This paper argues that corporate governance reformers in Anglo‐American jurisdictions should consider a different approach in their quest for better corporate governance. Traditionally, corporate governance reform has taken a structural approach, tightening the rules around the number of independent directors required on boards and committees and fine‐tuning the definition of independence. However, such an approach has failed to achieve effective corporate governance. Moreover, this approach is informed by the arguably discredited assumption that individuals are rational self‐interest utility maximizers. This conceptual (...)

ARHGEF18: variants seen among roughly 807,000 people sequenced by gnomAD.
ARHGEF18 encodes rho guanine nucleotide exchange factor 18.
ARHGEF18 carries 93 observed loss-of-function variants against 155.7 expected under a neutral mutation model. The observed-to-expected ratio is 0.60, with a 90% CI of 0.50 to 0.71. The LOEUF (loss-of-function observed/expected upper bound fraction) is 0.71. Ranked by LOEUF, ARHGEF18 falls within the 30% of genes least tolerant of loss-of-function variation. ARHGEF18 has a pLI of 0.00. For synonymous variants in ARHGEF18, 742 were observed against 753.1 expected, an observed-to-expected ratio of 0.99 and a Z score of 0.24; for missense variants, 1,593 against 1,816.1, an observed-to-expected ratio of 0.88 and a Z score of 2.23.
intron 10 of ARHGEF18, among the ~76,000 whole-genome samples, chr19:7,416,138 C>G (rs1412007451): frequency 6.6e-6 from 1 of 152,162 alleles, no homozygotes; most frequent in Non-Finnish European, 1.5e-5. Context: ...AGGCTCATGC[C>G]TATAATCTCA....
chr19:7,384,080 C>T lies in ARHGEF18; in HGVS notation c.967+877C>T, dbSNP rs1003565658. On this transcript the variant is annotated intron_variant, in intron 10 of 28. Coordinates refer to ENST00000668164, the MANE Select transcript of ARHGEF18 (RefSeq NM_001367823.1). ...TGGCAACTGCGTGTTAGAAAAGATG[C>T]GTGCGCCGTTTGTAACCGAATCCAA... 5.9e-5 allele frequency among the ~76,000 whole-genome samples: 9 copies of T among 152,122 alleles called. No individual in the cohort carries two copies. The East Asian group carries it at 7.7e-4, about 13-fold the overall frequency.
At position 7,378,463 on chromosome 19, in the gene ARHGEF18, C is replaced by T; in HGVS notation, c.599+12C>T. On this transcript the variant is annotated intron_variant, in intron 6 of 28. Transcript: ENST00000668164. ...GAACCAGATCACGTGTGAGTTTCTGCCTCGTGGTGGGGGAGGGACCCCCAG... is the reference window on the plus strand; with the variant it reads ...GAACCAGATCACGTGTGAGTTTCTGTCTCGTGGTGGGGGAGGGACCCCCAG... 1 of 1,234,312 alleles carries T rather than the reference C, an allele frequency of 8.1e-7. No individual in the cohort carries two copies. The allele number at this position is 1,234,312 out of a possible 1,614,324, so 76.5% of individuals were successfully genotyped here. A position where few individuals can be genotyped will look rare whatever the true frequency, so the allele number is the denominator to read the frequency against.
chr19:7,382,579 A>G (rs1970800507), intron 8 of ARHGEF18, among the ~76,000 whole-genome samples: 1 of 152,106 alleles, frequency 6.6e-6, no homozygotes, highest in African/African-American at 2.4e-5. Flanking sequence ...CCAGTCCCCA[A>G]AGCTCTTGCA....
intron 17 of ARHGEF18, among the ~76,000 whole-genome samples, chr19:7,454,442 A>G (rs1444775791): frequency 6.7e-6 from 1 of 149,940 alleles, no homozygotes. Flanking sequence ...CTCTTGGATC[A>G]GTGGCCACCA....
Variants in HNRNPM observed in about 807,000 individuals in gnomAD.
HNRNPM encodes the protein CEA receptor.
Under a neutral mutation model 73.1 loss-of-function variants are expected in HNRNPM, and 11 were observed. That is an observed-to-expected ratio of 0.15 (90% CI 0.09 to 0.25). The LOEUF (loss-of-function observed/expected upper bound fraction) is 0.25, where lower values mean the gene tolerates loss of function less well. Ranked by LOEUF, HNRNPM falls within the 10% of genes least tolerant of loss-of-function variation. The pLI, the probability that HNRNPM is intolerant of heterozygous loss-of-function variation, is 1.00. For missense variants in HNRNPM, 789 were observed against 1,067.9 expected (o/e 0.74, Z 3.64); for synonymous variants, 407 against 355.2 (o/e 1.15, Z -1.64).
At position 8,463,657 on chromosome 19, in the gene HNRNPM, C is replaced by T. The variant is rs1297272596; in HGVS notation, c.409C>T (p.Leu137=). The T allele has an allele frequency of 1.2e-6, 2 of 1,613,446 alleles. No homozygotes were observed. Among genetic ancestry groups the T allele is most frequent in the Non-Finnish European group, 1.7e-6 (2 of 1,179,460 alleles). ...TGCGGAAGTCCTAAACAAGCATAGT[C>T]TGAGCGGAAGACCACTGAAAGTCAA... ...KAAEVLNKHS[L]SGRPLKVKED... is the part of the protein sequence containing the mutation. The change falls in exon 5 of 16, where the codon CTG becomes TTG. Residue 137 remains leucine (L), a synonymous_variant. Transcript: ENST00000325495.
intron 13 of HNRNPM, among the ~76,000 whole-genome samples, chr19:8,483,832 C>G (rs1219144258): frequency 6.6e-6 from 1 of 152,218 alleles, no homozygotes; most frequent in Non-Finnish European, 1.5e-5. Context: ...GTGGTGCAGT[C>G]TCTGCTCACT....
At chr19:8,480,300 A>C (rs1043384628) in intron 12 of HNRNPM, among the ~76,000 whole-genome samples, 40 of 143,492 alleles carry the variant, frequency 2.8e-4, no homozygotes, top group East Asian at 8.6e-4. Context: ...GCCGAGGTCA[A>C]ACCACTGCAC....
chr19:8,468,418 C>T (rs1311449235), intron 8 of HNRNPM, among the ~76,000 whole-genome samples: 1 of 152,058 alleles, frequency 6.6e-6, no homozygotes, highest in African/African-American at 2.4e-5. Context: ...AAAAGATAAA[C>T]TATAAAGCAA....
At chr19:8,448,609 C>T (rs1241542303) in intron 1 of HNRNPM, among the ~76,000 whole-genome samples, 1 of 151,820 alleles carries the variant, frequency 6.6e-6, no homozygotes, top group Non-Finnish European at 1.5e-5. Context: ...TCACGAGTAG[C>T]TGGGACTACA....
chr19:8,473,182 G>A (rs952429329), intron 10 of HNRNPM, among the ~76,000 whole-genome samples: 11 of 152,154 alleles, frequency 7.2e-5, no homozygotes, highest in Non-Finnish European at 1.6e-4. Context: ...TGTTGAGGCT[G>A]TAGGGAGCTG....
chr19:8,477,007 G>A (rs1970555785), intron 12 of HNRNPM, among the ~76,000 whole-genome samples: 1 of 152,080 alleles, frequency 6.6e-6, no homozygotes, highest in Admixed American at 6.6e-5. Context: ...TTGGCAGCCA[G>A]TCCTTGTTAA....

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  12.  2
    The Impact of Organizational Pressures on Environmental Performance of Firms.Boonchan Poomkaew Ramakrishnan Ramanathan - 2014 - Business Ethics 23 (2):169-182.
    The role of various organizational pressures in influencing performance of firms has been an interesting research topic in a variety of fields and has received the attention of researchers working in the field of environmental strategy. Although there are previous studies that have looked at the influence of various pressures in influencing firms’ environmental strategies, our study provides a more holistic analysis considering a variety of such pressures in a single framework. We discuss a research study to analyze how pressures (...)
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  13. Socially Responsible Investment: Insights From Shari'a Departments in Islamic Financial Institutions.Dima Jamali Shakir Ullah - 2014 - Business Ethics 23 (2):218-233.